Big Data is critical in order to gain insights from different information systems and is part of a wide array of initiatives that are evaluated by many organizations. Having said that, we at Eccella recommend to our customers not to overlook the criticality of visualization in unleashing the understanding of the data, even on a smaller scale. In fact, it is often advised to start with a simple visualization of the data before embarking on a full blown Big Data analytics effort.
Data Visualization for dummies
Data Visualization is a presentation of data in a picture or graph. It has been used by organizations both traditional and progressive for decades, beginning with Microsoft Excel and it’s ability to draw graphs and charts off a set of data.
Unlike the traditional Excel format, modern data visualization is interactive and can run on top of multiple large datasets, often in real time, allowing the end user to not just see but also explore and interact with the data by asking very complex questions and getting visualized answers immediately. This enables the user to easily focus on decision-making critical information and makes it accessible to all by appealing to users throughout the organization – IT and business alike. Examples of visualization tools include Tableau, Qlik, Yellowfin and many others.
But why is this necessary? Can’t we stick to the old format of a report with some pictures, a bunch of findings, numbers and bullet points? With the Volumes, Velocity and Variety of information that organizations process today, it is almost impossible to present all this data in a static way. Our brains simply cannot process this much information, let alone rely on these static presentation methods for quick decision making.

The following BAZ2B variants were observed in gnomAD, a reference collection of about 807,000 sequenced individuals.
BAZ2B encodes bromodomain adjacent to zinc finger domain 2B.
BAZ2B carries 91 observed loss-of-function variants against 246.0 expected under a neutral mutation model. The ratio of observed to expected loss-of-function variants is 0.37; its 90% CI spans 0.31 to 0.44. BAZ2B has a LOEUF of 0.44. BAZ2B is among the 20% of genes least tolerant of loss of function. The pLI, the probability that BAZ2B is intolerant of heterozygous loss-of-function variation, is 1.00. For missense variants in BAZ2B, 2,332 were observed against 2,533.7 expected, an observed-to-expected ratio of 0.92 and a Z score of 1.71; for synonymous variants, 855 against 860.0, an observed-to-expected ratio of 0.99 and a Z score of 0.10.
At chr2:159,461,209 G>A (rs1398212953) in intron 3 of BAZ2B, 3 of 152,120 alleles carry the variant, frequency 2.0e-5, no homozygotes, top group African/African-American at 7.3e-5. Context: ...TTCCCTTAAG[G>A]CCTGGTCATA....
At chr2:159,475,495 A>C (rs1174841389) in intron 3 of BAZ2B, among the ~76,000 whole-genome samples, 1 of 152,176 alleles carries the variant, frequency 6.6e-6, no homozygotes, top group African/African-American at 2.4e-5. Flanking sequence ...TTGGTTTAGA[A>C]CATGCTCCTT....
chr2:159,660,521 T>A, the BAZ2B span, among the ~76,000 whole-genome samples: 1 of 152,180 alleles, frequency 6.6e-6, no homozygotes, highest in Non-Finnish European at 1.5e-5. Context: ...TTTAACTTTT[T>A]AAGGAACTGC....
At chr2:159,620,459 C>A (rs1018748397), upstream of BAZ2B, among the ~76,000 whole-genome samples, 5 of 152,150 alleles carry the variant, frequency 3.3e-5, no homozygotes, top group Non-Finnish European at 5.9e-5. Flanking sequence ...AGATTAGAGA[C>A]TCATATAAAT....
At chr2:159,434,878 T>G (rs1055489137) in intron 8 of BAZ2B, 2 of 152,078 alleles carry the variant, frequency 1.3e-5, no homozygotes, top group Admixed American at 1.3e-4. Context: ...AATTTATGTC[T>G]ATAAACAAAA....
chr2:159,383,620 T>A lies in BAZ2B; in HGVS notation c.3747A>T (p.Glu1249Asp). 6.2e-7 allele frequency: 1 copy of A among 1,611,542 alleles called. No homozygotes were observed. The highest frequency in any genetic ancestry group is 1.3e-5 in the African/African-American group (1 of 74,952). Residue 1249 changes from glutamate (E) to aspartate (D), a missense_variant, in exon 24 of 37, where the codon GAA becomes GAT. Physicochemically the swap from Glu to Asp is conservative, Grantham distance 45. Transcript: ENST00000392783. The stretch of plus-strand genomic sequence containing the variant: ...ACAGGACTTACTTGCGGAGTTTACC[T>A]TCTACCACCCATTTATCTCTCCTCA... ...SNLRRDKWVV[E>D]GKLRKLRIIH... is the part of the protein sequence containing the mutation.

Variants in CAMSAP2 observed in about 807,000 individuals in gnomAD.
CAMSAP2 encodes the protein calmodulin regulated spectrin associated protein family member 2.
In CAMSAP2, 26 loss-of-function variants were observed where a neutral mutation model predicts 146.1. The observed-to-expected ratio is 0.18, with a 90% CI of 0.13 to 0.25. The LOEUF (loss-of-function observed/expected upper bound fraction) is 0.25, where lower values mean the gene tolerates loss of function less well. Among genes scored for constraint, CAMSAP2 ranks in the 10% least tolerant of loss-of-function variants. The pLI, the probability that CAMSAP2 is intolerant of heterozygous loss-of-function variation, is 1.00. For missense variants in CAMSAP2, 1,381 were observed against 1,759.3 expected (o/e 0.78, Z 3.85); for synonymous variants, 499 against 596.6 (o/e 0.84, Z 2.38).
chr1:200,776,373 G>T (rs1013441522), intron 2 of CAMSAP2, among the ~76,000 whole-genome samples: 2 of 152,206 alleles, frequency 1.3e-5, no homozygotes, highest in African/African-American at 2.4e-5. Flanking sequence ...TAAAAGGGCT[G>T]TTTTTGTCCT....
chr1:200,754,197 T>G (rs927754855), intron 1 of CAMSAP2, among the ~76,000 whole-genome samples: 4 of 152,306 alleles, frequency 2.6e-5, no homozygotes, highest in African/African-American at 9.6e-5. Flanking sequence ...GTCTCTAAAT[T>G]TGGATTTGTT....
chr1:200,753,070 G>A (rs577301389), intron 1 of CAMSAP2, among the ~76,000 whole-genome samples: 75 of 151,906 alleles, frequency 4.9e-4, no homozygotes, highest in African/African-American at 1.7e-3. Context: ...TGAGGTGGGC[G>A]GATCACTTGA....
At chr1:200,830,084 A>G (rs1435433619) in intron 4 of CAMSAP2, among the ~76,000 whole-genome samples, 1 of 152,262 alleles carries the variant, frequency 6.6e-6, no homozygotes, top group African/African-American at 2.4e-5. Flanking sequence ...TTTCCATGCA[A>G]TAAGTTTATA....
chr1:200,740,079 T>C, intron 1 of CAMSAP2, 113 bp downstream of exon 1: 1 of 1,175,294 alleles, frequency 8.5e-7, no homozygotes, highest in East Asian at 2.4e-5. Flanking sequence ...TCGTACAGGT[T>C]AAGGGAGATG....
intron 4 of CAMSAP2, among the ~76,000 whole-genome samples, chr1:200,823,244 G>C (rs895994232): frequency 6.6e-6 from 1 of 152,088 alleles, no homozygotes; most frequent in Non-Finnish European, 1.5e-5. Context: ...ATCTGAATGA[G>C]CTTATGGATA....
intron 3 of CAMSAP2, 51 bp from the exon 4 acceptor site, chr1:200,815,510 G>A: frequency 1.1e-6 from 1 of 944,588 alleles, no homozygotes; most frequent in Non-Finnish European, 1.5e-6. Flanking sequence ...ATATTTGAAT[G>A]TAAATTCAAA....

Data Visualization helps simplify all of this by presenting an easier way for our brains to consume and understand large amounts of information. You might consider data visualization as a form of storytelling, which registers more effectively in human memory and allows it to more effectively recognize patterns portrayed by visual imagery.
4 Typical needs for Data Visualization
Essential to the process of analyzing data - Visualization is one of the very first steps data scientists will take to better understand the data they work with. This is because they are trying to get a feel for what the data looks like, how accurate it is and if there are any obvious patterns or connections that can be established. Without the visualization, especially when dealing with big data, this would be a very difficult and labor intensive task.
Accessibility of data - Without visualization, data is just a bunch of numbers accounting for the facts. It doesn’t tell a story and is open to different interpretations depending on the qualification of the person looking at it and the breadth of investment they made into analyzing it. Visualization tells a story based on analysis of the facts, often transforming the counterintuitive into a narrative that others can understand.
Time critical decision making – With decisions sometimes needing to be made on a dime, there might not be enough time to do deep-dive analysis of the data, process it for days or weeks and bring it back with insights. Visualization is critical in such situations as it makes all this data accessible and insights discoverable.
3D exploration of data - Virtual Reality (VR), which is expected to be one of the hottest trends in 2016, will play a big role in taking data visualization to the next level, allowing more effective 3D exploration of the data across multiple realms. This is currently done with layering visualizations onto a 2D display, which is somewhat cumbersome and ineffective. I recently got first hand experience with startups operating in this space, and I am convinced it is an industry game changer in how we will analyze and consume data in the very near future.
Are you planning to use data visualization on top of the data you worked so hard to bring into your organization, standardize and master? Are you visualizing data you just dumped into a data lake and looking to get insights from the raw information? We’d love to learn what tools you are using and how. Share with usor ask questions at firstname.lastname@example.org.